Apple MacBook: does it surprise … with an ARM processor?
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Every year, Apple supplies new iPhones and iPads with full control of the devices. This is not the case for Macs as they rely on Intel for their performance and release schedule. Building MacBooks around a completely different processor architecture – specifically ARMs – will take the company out of this dependency. The idea of the MacBooks ARM has been around for a while, but apart from rumors and wishes there has never been any evidence that Apple wanted to cut off Intel and AMD.
The whole process of moving to a new type of processor is reminiscent of the change (and resurrection for the brand) of transferring the line of computers from PowerPC processors to Intel ones. It is not only difficult to develop new processors based on ARM architecture, but also to transfer applications. No one wants a new Mac that can't run the software and applications it already knows.
The solution is – in addition to merging iOS and MacOS entirely – to ensure that these future ARM Macs have all the applications now available in the Mac App Store.
Catalyst is an Apple program that allows developers to transfer iPad applications to the Mac. Currently, Apple is urging developers to move their applications to a simple new process. Rumors want iPhone apps to be the next, with the ultimate goal, any app running on any Apple platform. At first glance, it's an Apple plan to further enhance and integrate the ecosystem. With Catalyst an ARM MacBook will be able to launch with a huge list of applications available on the Mac App Store. Catalyst could be part of a much larger strategy with the ultimate goal of preparing the ground for a processor change on the company's computers.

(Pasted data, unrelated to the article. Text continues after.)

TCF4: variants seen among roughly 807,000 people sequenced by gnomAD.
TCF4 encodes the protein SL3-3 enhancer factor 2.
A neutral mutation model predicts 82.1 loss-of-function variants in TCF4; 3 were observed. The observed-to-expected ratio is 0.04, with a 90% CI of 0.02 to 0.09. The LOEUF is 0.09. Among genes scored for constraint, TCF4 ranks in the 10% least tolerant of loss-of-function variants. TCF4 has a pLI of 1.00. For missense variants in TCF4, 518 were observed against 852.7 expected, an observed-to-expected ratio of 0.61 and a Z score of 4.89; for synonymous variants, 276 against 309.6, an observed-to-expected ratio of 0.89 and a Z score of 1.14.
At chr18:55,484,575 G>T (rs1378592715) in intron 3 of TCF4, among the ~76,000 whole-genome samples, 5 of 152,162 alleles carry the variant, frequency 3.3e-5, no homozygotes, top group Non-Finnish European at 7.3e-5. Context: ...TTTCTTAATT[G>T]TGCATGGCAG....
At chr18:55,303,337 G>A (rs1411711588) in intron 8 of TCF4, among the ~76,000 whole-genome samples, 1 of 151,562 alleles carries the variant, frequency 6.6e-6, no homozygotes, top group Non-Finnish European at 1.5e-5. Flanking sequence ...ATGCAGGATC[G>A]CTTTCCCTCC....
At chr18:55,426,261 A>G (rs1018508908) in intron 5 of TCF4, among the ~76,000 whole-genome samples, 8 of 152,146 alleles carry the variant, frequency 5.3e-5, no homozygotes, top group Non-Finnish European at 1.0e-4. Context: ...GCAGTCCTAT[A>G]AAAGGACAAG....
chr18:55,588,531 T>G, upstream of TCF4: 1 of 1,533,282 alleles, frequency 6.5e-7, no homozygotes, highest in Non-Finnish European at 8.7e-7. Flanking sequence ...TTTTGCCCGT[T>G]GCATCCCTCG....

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The process is already underway. Apple has already shut down its most popular application, iTunes, to replace it with three separate Catalyst applications. New platforms are available for all systems. Take Apple Arcade, the company's game subscription service, for example. One of the key features of the service is that all its games will run on almost any Apple device – your iPhone, iPad, Mac, and even your Apple TV.
MacBook Air or MacBook 13 ′
What will be the first model? The MacBook Air – or, possibly, an upgraded 13-inch MacBook – is the most sensible solution. The MacBook Air is a device primarily aimed at students and people who spend most of their time on the web or in simple applications. The choice of Catalyst applications in the Mac App Store meets these needs. If you ask us, we will see the first such model at the upcoming WWDC in June 2020. It is developers who will benefit most from the transition and these have proven to be the driving force behind all successful operating systems. Moving to a platform will greatly improve the quality of life in the developer community. The Apple Developer Meeting is therefore the best opportunity to present.
Today's strategy of Apple's Pro computers does not match the ARM processors. The new Mac Pro has its eyes on performance. The all-new 16-inch MacBook Pro focuses on performance as well. The new cooling systems in these products are specially designed to handle powerful processors such as Intel's leading Core i9. Apple's A-series ARM architecture processors are great in performance but can't compete at this level yet. Apple will have to make serious efforts to convince users of its Pro models that they will lose nothing by switching to ARM processors.
A similar situation will be faced by the company with professional applications. From Logic and Final Cut to Premiere and Lightroom, these are professionals-based content creation tools. They are simply irreplaceable from anything less. We may see parallel development of the two architectures until the Core i9 comes in performance. If it doesn't, the Pro series can stay as it is.
Most likely, we will see ARM in the new Mac for the new year and look forward to this new development.
We'll keep you up to date with anything new.